Women Thriving. Colorado Rising.

2013 Public Policy

Legislative Recap

During the 2013 Colorado legislative session, The Women's Foundation of Colorado supported two bills designed to help low-income women – SB-001 and SB-200. Both of these bills passed and were signed into law.

Senate Bill 13-001, L.005 Working Families Economic Opportunity Act of 2013

Senate Bill 13-001 supports low-income women.  This bill includes tax credits that reward working women and uses proven strategies to lift women and children out of poverty.

What This Bill Does for Working Families:

Colorado Earned Income Tax Credit (EITC)

  • This bill makes the Colorado EITC permanent and equal to 7.0% of the federal EITC claimed in the first year, 8.5% in the second and 10.0% in the third and subsequent years.
  • The EITC is refundable and is extended to low and middle-income working families; the credit varies depending on whether a taxpayer is single or married and the number of children in the home.
  • For tax year 2012, the maximum credit is $5,891 for three or more qualifying children and $475 for households with no qualifying children; taxpayers must have an income less than a certain amount, and for a taxpayer with three or more children that amount is $45,060 in 2012.

Colorado Child Tax Credit (CTC)

  • This bill creates a Colorado Child Tax Credit that is refundable and allows taxpayers to claim a credit equal to a percentage of both the federal refundable and nonrefundable CTC for each qualifying child under 6 years old.
  • The credit amount is based on the household income and is phased out above a certain income level.

Why This Bill Is Important for Working Families and Local Economies

  • These refundable tax credits are investments that prioritize Colorado’s working families and children.
  • The Colorado EITC leverages and builds on the proven success of the federal EITC to help low and middle-income working families make ends meet and reduce child poverty.
  • Additional income from measures such as EITC and CTC encourages success in school and contributes to better health outcomes; more financial security means greater family stability.
  • These refundable tax credits will be a critical asset for the many Colorado families that have experienced temporary job loss, seen their work hours cut or their pay reduced. 

Senate Bill 13-200 Medicaid Expansion in Colorado

Senate Bill 13-200 expands the eligibility levels for Medicaid and provides health insurance to more low-income women and children. 

What This Bill Does for Low-Income Women and Families

  • The health care coverage provided through Medicaid allows Coloradans in every corner of our state to access primary and preventive care. Through Medicaid, Colorado families are able to receive the health care services they need in order to live healthier lives and avoid having to go to the emergency room for routine care.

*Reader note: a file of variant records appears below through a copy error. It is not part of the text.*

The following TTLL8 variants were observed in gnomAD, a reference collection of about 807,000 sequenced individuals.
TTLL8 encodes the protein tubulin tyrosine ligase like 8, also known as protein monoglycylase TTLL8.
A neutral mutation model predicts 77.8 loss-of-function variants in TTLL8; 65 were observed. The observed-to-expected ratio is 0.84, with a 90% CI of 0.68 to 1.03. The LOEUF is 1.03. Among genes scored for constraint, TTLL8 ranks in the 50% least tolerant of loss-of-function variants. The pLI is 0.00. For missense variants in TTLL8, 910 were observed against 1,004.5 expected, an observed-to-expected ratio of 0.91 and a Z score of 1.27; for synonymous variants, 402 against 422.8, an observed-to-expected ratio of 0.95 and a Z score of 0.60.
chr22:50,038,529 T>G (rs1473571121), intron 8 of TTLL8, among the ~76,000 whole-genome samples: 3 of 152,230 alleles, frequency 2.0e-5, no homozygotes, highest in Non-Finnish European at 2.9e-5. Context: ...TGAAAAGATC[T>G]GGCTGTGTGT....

• The bill will increase Medicaid eligibility in Colorado from those who earn 100 percent of the federal poverty level (FPL) to include Coloradans with incomes up to 133 percent of the FPL.  2013 income levels by family size for 133 percent of the FPL in Colorado:
  • When expanded, Colorado’s Medicaid program will provide coverage to an additional 160,000 Coloradans.

Why This Bill Is Important for Colorado

  • Health improved and lives saved. The expanded coverage means that more Coloradans will get the care they need at the right time and in the right place. The expansion can also be translated into lives saved. The New England Journal of Medicine reported that there is a demonstrated reduction in mortality associated with Medicaid expansion in other states — here in Colorado alone, it could translate to more than 600 lives saved per year. 
  • Economy strengthened. A study commissioned by The Colorado Health Foundation says that Medicaid expansion will lead to the creation of more than 22,000 jobs in Colorado and increase economic activity by $4.4 billion.
  • Savings to the state, hospitals and businesses. Expanding coverage for the uninsured leads to a reduction in the costs of uncompensated care that are shifted to insured patients and the business community.  According to the Kaiser Commission on Medicaid and the Uninsured, the Medicaid expansion could save millions of dollars in uncompensated care over 10 years.

Join Us

WFCO invites you to join us in leading systemic change on behalf of women and their families. Through a unified voice we can influence positive community outcomes. Stay tuned for updates before, during, and after the session, and in the meantime, here's how you can help support our advocacy efforts!

  • The Womanifesto. Download and share our nonpartisan voter handbook.
  • Help inform the conversation. Share WFCO’s recent research that is informing our advocacy work.
  • Vote and advocate. Read our civic engagement guide to learn how you can make a difference, from voting to how to contact your legislators.
  • Join us to learn more. Attend an upcoming community education event and sign up for our eNewsletter to receive information and updates.
  • Follow and share. Follow us on Facebook, Twitter, LinkedIn, and Instagram for policy updates throughout the year.
  • Share your ideas with us. Let us know when you see a challenge in your community that could be improved by a policy change, email us at wfco@wfco.org.

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